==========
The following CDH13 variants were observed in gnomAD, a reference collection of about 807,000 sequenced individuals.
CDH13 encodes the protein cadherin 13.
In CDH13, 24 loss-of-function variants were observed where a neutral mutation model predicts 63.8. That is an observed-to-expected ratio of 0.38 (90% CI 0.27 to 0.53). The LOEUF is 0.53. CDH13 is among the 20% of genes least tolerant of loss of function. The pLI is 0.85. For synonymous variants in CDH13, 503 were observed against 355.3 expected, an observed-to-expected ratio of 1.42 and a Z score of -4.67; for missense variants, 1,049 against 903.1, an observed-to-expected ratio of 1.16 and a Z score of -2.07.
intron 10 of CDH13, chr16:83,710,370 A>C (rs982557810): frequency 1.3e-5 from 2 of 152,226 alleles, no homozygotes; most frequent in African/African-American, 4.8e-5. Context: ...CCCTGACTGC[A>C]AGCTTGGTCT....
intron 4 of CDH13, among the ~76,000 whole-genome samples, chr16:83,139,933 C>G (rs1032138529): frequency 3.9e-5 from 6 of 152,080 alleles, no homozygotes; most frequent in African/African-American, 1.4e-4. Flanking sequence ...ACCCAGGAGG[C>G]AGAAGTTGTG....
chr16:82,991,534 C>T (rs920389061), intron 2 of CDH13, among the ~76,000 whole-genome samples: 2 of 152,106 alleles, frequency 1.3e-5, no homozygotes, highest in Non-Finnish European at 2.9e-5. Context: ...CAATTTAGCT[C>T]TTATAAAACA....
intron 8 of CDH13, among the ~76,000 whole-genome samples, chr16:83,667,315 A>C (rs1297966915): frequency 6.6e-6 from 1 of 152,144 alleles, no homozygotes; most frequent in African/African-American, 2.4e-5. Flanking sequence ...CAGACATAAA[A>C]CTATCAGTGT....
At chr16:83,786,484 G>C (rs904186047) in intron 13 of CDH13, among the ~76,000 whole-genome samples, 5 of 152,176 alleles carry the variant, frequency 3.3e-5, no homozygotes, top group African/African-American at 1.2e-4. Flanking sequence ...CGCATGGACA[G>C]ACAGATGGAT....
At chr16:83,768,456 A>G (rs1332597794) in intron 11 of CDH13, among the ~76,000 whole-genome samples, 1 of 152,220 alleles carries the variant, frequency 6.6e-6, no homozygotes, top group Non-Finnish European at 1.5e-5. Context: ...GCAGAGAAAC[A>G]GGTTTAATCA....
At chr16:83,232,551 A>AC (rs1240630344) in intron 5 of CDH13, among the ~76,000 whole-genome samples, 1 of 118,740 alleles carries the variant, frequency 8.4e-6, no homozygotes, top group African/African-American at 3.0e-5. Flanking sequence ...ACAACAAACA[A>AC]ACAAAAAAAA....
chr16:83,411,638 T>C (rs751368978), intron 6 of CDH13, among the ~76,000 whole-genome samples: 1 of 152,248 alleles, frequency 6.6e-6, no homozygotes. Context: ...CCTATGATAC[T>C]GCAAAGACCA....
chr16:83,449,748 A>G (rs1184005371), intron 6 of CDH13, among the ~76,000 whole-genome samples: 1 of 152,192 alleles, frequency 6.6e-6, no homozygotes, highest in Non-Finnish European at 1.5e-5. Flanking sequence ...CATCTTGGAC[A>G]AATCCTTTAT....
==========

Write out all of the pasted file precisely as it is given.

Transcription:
The following CDH13 variants were observed in gnomAD, a reference collection of about 807,000 sequenced individuals.
CDH13 encodes the protein cadherin 13.
In CDH13, 24 loss-of-function variants were observed where a neutral mutation model predicts 63.8. That is an observed-to-expected ratio of 0.38 (90% CI 0.27 to 0.53). The LOEUF is 0.53. CDH13 is among the 20% of genes least tolerant of loss of function. The pLI is 0.85. For synonymous variants in CDH13, 503 were observed against 355.3 expected, an observed-to-expected ratio of 1.42 and a Z score of -4.67; for missense variants, 1,049 against 903.1, an observed-to-expected ratio of 1.16 and a Z score of -2.07.
intron 10 of CDH13, chr16:83,710,370 A>C (rs982557810): frequency 1.3e-5 from 2 of 152,226 alleles, no homozygotes; most frequent in African/African-American, 4.8e-5. Context: ...CCCTGACTGC[A>C]AGCTTGGTCT....
intron 4 of CDH13, among the ~76,000 whole-genome samples, chr16:83,139,933 C>G (rs1032138529): frequency 3.9e-5 from 6 of 152,080 alleles, no homozygotes; most frequent in African/African-American, 1.4e-4. Flanking sequence ...ACCCAGGAGG[C>G]AGAAGTTGTG....
chr16:82,991,534 C>T (rs920389061), intron 2 of CDH13, among the ~76,000 whole-genome samples: 2 of 152,106 alleles, frequency 1.3e-5, no homozygotes, highest in Non-Finnish European at 2.9e-5. Context: ...CAATTTAGCT[C>T]TTATAAAACA....
intron 8 of CDH13, among the ~76,000 whole-genome samples, chr16:83,667,315 A>C (rs1297966915): frequency 6.6e-6 from 1 of 152,144 alleles, no homozygotes; most frequent in African/African-American, 2.4e-5. Flanking sequence ...CAGACATAAA[A>C]CTATCAGTGT....
At chr16:83,786,484 G>C (rs904186047) in intron 13 of CDH13, among the ~76,000 whole-genome samples, 5 of 152,176 alleles carry the variant, frequency 3.3e-5, no homozygotes, top group African/African-American at 1.2e-4. Flanking sequence ...CGCATGGACA[G>C]ACAGATGGAT....
At chr16:83,768,456 A>G (rs1332597794) in intron 11 of CDH13, among the ~76,000 whole-genome samples, 1 of 152,220 alleles carries the variant, frequency 6.6e-6, no homozygotes, top group Non-Finnish European at 1.5e-5. Context: ...GCAGAGAAAC[A>G]GGTTTAATCA....
At chr16:83,232,551 A>AC (rs1240630344) in intron 5 of CDH13, among the ~76,000 whole-genome samples, 1 of 118,740 alleles carries the variant, frequency 8.4e-6, no homozygotes, top group African/African-American at 3.0e-5. Flanking sequence ...ACAACAAACA[A>AC]ACAAAAAAAA....
chr16:83,411,638 T>C (rs751368978), intron 6 of CDH13, among the ~76,000 whole-genome samples: 1 of 152,248 alleles, frequency 6.6e-6, no homozygotes. Context: ...CCTATGATAC[T>C]GCAAAGACCA....
chr16:83,449,748 A>G (rs1184005371), intron 6 of CDH13, among the ~76,000 whole-genome samples: 1 of 152,192 alleles, frequency 6.6e-6, no homozygotes, highest in Non-Finnish European at 1.5e-5. Flanking sequence ...CATCTTGGAC[A>G]AATCCTTTAT....